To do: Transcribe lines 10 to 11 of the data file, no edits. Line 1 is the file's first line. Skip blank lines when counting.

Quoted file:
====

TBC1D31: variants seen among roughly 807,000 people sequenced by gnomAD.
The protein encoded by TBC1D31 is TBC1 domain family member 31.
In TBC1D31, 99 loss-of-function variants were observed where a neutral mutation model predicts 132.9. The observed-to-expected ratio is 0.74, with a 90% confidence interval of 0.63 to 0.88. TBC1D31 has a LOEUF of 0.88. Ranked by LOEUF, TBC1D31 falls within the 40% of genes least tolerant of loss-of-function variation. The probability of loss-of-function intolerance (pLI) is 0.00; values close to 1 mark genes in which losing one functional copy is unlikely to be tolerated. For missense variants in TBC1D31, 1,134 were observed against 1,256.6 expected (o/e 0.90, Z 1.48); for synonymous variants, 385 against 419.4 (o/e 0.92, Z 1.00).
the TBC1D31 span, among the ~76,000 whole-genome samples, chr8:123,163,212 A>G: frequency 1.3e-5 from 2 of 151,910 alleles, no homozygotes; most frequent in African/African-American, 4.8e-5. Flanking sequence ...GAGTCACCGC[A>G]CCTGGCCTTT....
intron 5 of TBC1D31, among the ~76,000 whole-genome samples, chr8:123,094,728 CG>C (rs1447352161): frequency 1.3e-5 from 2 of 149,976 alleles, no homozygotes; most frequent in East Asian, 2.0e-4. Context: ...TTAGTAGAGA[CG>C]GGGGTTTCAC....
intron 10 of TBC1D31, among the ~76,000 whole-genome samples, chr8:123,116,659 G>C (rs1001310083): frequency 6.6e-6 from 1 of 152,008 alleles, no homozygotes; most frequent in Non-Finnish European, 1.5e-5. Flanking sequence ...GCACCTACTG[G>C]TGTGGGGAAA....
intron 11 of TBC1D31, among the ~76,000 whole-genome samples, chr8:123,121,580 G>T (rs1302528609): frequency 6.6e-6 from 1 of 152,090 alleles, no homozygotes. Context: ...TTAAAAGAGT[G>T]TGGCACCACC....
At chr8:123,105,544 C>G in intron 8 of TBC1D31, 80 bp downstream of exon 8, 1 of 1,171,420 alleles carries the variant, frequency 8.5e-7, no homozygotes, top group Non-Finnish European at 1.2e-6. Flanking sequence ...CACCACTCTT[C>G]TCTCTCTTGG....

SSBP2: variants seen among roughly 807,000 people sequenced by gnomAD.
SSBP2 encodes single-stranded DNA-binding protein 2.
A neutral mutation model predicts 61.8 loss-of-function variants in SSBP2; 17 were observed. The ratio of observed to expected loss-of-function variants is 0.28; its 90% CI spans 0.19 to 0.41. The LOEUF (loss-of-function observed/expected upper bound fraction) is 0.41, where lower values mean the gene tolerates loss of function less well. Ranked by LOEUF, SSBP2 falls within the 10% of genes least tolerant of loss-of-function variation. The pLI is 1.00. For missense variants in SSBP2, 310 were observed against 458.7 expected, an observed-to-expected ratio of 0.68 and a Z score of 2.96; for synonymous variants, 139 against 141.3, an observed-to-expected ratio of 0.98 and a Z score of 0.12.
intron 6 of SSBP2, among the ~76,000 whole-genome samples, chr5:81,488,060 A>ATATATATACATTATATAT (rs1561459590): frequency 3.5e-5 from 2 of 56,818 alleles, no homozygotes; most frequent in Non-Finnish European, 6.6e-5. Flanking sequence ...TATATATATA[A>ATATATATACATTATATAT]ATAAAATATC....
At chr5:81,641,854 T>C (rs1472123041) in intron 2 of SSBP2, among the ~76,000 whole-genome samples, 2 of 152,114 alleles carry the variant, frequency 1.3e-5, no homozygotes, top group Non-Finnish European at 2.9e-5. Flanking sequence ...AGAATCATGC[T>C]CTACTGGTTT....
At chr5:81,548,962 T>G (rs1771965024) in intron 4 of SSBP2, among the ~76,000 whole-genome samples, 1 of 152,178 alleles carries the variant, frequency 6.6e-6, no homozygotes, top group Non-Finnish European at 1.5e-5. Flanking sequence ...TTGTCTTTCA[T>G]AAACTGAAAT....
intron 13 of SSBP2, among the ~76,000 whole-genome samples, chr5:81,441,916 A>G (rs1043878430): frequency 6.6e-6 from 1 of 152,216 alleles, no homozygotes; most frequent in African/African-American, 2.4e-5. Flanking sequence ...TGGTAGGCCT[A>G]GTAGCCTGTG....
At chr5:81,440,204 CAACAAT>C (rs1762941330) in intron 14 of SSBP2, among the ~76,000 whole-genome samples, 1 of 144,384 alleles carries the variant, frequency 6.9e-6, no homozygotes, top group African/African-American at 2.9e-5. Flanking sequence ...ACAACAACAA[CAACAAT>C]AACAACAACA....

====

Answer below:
SSBP2 encodes single-stranded DNA-binding protein 2.
A neutral mutation model predicts 61.8 loss-of-function variants in SSBP2; 17 were observed. The ratio of observed to expected loss-of-function variants is 0.28; its 90% CI spans 0.19 to 0.41. The LOEUF (loss-of-function observed/expected upper bound fraction) is 0.41, where lower values mean the gene tolerates loss of function less well. Ranked by LOEUF, SSBP2 falls within the 10% of genes least tolerant of loss-of-function variation. The pLI is 1.00. For missense variants in SSBP2, 310 were observed against 458.7 expected, an observed-to-expected ratio of 0.68 and a Z score of 2.96; for synonymous variants, 139 against 141.3, an observed-to-expected ratio of 0.98 and a Z score of 0.12.